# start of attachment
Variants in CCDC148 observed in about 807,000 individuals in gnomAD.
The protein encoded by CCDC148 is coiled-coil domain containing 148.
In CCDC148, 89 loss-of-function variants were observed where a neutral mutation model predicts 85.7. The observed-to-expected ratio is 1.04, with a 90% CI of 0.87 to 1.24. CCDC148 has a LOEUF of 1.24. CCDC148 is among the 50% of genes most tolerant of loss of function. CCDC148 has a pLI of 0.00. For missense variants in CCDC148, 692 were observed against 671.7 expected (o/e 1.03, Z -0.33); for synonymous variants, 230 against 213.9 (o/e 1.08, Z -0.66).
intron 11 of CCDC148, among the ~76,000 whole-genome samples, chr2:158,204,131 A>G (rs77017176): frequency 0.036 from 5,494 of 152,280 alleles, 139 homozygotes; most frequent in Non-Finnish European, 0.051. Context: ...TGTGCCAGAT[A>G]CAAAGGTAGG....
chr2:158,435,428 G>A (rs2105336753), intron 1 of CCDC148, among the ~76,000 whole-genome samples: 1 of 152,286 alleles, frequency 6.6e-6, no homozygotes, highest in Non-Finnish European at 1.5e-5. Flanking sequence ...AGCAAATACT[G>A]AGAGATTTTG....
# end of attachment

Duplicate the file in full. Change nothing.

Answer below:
Variants in CCDC148 observed in about 807,000 individuals in gnomAD.
The protein encoded by CCDC148 is coiled-coil domain containing 148.
In CCDC148, 89 loss-of-function variants were observed where a neutral mutation model predicts 85.7. The observed-to-expected ratio is 1.04, with a 90% CI of 0.87 to 1.24. CCDC148 has a LOEUF of 1.24. CCDC148 is among the 50% of genes most tolerant of loss of function. CCDC148 has a pLI of 0.00. For missense variants in CCDC148, 692 were observed against 671.7 expected (o/e 1.03, Z -0.33); for synonymous variants, 230 against 213.9 (o/e 1.08, Z -0.66).
intron 11 of CCDC148, among the ~76,000 whole-genome samples, chr2:158,204,131 A>G (rs77017176): frequency 0.036 from 5,494 of 152,280 alleles, 139 homozygotes; most frequent in Non-Finnish European, 0.051. Context: ...TGTGCCAGAT[A>G]CAAAGGTAGG....
chr2:158,435,428 G>A (rs2105336753), intron 1 of CCDC148, among the ~76,000 whole-genome samples: 1 of 152,286 alleles, frequency 6.6e-6, no homozygotes, highest in Non-Finnish European at 1.5e-5. Flanking sequence ...AGCAAATACT[G>A]AGAGATTTTG....